The report also suggested that a "revolving door" is commonly used "to lure former government regulators and officials into more lucrative lobbying and consulting jobs" for the industry.
What's next, indentured servitude and debtors prisons?
"Labor pools can already pay workerw in cash under current law." "Bill allowing labor pools to pay with debit cards clears Senate panel".
"Downright stunning in a world dominated by conservatives"
"Whatever the outcome of the medical marijuana bills dominating the conversation in the Florida Legislature, one thing is certain: More lawmakers are embracing cannabis as a cure than they are as a curse. This is new. It's downright stunning in a world dominated by conservatives." "Power of a Few: How the Florida Legislature's View of Medical Marijuana Has Turned Around". Related: "Lawmakers discuss medical marijuana implementation" and "Medical marijuana forum brings smiles from advocates, ire from opponents".
"Closer to reducing government control of wetlands, springs and stormwater protections"
"A permitting bill sponsored by Rep. Jimmy Patronis, R-Panama City, passed through the House Agricultural and Natural Resources Committee meeting Monday, moving the bill one step closer to reducing government control of wetlands, springs and stormwater protections in Florida." "Bill to Reduce Fed Control Over Florida's Water Issues Passes House Committee".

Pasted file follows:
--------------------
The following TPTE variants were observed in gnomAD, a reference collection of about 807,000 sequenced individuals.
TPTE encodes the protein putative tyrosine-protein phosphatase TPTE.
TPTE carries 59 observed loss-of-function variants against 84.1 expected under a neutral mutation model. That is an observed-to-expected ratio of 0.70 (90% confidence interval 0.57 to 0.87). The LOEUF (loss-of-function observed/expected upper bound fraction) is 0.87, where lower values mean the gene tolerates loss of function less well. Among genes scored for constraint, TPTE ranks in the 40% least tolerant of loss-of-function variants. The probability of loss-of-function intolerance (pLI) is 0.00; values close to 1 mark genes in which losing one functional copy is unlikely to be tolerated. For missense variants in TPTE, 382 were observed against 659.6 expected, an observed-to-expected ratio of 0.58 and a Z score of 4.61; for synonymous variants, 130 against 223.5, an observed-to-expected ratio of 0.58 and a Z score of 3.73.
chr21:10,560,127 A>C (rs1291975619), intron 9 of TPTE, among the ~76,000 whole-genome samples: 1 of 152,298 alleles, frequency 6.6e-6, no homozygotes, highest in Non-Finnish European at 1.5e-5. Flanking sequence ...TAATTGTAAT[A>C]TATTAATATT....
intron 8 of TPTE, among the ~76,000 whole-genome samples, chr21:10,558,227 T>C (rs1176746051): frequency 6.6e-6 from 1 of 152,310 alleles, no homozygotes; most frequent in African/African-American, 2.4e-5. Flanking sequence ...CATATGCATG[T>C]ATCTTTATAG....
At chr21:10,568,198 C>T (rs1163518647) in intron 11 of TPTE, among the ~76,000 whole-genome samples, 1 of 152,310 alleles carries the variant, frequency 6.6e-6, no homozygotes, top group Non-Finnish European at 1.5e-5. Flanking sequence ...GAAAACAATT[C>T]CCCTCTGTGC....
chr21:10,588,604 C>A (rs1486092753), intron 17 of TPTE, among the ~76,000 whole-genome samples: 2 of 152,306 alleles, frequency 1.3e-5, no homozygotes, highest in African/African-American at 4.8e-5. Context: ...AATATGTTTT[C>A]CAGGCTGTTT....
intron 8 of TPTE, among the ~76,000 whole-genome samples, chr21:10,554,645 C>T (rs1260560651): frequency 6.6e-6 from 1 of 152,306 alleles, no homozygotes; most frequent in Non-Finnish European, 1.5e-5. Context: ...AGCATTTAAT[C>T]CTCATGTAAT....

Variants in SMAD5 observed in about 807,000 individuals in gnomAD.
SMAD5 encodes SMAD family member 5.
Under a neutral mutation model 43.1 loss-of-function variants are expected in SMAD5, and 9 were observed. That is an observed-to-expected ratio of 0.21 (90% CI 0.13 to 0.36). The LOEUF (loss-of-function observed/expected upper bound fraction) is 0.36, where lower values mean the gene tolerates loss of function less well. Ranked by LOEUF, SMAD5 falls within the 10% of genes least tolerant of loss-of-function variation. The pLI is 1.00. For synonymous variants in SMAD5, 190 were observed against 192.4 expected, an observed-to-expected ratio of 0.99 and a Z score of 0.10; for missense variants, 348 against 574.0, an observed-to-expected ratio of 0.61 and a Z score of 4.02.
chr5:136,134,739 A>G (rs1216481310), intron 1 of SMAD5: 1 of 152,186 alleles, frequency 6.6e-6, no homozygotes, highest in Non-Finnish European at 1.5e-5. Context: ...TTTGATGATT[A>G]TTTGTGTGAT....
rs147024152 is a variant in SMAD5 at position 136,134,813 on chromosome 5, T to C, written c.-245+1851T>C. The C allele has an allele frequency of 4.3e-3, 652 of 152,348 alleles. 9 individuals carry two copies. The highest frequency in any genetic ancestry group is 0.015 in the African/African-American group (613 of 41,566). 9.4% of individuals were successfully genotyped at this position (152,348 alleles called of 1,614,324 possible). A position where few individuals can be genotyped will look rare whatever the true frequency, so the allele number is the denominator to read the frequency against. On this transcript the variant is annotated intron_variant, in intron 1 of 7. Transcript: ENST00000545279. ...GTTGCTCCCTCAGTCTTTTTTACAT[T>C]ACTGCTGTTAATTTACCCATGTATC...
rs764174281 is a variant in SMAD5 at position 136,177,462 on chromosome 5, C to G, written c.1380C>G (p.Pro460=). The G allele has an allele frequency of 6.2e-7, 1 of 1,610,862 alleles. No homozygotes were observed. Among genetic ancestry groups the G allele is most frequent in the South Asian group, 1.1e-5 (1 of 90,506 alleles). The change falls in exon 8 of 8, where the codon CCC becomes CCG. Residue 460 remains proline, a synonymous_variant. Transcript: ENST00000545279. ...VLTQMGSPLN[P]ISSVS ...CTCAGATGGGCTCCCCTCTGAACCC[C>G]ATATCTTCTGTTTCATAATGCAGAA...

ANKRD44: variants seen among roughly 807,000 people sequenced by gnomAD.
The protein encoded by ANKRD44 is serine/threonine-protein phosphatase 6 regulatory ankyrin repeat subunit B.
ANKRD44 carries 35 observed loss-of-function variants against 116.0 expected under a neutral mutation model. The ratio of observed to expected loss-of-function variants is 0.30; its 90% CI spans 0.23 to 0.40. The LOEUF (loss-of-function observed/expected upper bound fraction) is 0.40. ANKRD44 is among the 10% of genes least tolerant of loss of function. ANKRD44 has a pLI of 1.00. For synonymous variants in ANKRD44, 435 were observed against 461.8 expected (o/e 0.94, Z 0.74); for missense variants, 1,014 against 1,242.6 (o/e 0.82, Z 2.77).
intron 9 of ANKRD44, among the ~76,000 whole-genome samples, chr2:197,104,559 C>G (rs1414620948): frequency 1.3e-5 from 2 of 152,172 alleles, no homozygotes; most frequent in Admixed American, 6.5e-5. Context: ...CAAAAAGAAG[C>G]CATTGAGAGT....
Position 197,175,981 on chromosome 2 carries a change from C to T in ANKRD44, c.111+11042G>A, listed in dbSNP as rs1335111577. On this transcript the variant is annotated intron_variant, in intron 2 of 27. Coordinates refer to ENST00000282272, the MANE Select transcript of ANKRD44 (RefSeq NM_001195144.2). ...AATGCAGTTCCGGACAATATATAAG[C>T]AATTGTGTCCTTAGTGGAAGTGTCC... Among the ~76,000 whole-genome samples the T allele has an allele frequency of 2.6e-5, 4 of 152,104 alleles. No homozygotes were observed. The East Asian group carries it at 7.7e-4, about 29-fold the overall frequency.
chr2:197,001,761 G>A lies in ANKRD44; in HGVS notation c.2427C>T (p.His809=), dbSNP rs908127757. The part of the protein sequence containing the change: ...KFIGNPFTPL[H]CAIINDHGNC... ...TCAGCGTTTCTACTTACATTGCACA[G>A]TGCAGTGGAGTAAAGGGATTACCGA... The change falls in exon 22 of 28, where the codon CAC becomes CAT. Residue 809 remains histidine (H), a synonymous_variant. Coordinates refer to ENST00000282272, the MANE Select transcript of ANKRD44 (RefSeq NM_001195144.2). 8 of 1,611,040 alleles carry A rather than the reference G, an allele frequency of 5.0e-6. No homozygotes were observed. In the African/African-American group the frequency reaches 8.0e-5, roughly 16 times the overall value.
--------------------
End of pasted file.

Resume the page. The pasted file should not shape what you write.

"Hard to think of a worse week than the one Scott just survived"
Steve Bousquet: "It's hard to think of a worse week than the one Gov. Rick Scott just survived, but he can turn things around if he wants to."
First, though, a recap of what went wrong."Bousquet: A solution for Scott's Hispanic problem?". See also "Can 'Dreamers' Bill Help Rick Scott in November?"
Scott's campaign finance co-chairman, health care exec Mike Fernandez of Coral Gables, quit in protest of the way the campaign is going. Then, in three blistering emails, the Cuban-American business leader called into question Scott's commitment to Hispanic voters and accused a campaign aide of crudely imitating a Mexican accent. . . .
Anyone who's paying close attention to the legislative session knows exactly what Scott should do, even though it would rile some conservatives.
Rather than waiting for the Legislature to act, he should lead the charge to guarantee passage of a law offering in-state tuition rates to children of undocumented immigrants, known as Dreamers. The bill, HB 851, passed the House 81-33, but it's not clear whether the Senate will take it up, and a strong push from Scott would change the dynamics.